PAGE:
New River Valley

David Seidel/Radio IQ

Thousands of students flow into Southwest Virginia for college every year.

A new initiative hopes to stop the "brain drain" as they graduate and leave the area for work.

Small towns aren’t what they used to be.  Once the ‘go to’ center of community life, the idea of the ‘town square’ has all but disappeared. But in southwestern Virginia, they’re working to bring back the glory of small towns and new residents with them. This week, they're holding a  two-day workshop in Pulaski they’re calling a "revitalization revival.” 

In a perfect world, all adults would have the literacy skills they need to navigate modern life. But fourteen per cent of us, do not live in that world.  In Virginia’s New River Valley, it’s eleven percent of people who can not read. But there’s free help out there for people who need it. Robbie Harris reports.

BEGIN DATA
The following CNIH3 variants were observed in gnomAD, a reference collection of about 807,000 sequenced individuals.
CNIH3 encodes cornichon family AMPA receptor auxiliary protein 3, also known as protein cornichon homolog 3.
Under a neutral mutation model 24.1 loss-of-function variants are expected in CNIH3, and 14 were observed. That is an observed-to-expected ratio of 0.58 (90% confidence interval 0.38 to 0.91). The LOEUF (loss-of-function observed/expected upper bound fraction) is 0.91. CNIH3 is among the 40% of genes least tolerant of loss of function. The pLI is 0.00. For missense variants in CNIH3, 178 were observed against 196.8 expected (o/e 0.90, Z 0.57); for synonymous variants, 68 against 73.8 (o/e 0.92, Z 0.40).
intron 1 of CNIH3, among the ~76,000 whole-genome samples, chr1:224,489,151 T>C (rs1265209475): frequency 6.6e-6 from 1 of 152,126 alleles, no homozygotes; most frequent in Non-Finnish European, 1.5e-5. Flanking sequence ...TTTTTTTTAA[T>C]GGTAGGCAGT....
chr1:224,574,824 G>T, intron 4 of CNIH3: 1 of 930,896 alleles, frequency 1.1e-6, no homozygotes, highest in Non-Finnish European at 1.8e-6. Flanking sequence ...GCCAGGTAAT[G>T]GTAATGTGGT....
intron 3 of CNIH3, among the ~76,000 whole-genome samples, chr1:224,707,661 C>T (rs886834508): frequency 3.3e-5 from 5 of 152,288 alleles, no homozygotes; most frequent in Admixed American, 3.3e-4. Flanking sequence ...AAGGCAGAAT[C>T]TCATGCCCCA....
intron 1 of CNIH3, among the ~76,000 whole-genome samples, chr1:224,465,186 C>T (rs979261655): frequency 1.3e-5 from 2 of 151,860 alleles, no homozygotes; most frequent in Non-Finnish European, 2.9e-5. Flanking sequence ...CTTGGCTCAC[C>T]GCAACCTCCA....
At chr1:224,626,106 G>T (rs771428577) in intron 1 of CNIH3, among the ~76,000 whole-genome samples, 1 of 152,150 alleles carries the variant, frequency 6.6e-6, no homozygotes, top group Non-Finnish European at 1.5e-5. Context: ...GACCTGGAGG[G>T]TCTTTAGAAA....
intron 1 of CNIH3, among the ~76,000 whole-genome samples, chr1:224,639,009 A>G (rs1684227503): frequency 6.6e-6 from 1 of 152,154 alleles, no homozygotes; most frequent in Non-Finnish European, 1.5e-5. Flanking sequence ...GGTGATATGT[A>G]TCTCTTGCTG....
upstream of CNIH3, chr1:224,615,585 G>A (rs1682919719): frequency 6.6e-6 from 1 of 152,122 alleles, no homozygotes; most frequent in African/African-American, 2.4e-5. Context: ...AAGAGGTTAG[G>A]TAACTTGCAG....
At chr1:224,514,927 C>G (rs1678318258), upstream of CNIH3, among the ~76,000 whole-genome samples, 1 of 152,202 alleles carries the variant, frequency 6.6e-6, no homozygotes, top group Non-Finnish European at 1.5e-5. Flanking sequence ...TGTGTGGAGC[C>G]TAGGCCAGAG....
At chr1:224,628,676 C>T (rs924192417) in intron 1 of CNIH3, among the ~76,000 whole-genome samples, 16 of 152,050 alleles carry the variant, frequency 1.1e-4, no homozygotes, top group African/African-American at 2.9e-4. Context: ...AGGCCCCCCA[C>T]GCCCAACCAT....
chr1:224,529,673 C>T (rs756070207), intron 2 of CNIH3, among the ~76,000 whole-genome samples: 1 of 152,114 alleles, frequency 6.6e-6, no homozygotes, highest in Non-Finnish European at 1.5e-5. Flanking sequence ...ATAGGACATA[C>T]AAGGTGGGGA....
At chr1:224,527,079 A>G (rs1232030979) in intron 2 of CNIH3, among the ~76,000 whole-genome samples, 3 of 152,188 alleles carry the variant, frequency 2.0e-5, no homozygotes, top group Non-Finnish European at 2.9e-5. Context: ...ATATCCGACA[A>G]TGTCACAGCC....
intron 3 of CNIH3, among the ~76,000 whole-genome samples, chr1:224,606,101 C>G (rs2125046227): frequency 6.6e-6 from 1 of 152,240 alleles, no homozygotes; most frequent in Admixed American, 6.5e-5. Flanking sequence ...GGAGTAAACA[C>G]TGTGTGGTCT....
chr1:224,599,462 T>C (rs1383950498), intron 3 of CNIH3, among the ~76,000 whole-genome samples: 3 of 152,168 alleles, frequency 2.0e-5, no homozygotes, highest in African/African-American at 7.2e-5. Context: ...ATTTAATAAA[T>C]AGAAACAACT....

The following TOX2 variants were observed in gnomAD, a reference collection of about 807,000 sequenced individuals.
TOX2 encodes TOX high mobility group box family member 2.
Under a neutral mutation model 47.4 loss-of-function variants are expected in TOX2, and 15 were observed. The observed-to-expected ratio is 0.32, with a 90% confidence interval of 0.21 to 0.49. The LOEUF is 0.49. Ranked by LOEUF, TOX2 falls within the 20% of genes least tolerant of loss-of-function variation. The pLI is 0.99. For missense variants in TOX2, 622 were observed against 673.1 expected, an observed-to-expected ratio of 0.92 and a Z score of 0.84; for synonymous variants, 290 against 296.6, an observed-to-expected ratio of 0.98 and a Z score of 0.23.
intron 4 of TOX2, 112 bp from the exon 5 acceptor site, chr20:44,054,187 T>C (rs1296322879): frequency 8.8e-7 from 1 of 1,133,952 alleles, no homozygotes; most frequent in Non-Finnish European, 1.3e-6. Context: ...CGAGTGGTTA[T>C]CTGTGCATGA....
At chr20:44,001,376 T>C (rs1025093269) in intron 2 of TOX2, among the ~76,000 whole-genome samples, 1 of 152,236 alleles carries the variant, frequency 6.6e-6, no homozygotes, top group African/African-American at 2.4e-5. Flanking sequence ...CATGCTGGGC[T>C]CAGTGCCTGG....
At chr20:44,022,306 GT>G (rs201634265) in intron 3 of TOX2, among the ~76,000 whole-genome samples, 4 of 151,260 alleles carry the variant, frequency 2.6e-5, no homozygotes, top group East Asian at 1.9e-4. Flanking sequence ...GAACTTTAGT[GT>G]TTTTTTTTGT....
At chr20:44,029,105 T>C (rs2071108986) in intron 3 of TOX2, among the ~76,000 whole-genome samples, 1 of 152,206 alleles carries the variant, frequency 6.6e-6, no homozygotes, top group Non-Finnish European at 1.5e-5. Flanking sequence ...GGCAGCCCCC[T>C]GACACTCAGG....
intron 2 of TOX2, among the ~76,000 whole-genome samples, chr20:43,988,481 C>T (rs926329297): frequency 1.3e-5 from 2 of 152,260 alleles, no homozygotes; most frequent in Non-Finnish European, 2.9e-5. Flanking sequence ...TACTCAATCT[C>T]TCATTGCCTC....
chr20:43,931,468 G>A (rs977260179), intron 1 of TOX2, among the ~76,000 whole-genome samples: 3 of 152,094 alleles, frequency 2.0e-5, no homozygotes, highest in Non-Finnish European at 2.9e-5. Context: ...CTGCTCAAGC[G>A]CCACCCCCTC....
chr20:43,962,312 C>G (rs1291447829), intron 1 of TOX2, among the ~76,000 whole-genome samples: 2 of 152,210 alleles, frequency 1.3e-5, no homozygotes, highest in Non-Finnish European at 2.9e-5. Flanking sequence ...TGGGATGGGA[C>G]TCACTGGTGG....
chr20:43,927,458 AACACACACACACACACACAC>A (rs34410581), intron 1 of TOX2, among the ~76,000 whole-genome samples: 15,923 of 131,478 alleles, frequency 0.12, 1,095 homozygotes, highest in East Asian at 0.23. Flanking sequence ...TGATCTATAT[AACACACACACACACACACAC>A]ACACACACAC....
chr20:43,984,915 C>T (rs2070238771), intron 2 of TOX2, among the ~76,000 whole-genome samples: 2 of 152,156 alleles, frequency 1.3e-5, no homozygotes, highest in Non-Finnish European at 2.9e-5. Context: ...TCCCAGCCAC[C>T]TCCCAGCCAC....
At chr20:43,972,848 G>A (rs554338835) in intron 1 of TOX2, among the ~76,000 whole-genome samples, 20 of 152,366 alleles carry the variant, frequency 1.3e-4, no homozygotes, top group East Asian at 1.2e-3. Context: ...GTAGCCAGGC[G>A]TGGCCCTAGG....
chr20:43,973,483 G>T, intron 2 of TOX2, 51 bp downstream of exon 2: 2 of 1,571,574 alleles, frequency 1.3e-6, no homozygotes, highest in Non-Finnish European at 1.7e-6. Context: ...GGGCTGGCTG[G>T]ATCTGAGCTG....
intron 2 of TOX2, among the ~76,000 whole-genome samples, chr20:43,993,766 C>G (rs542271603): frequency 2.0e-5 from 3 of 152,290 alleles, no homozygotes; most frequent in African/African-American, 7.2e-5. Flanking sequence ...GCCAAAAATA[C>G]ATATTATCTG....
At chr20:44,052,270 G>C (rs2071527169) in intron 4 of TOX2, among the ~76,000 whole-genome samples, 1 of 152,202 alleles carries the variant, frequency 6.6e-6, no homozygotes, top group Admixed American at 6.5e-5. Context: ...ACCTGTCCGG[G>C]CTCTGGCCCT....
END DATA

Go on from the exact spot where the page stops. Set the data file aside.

Kurt Holtz

Race relations in the U.S. reached a low point a few years ago, and in many parts of the country, that trend is holding steady.  But in Montgomery County, Virginia, it’s a different story. People there have been working together for the past several years, to tackle racial inequality and injustice.

Taber Andrew Bain / Flickr

Every three years, Carilion Clinic puts together community health assessments throughout southwest Virginia. The latest one found some new concerns.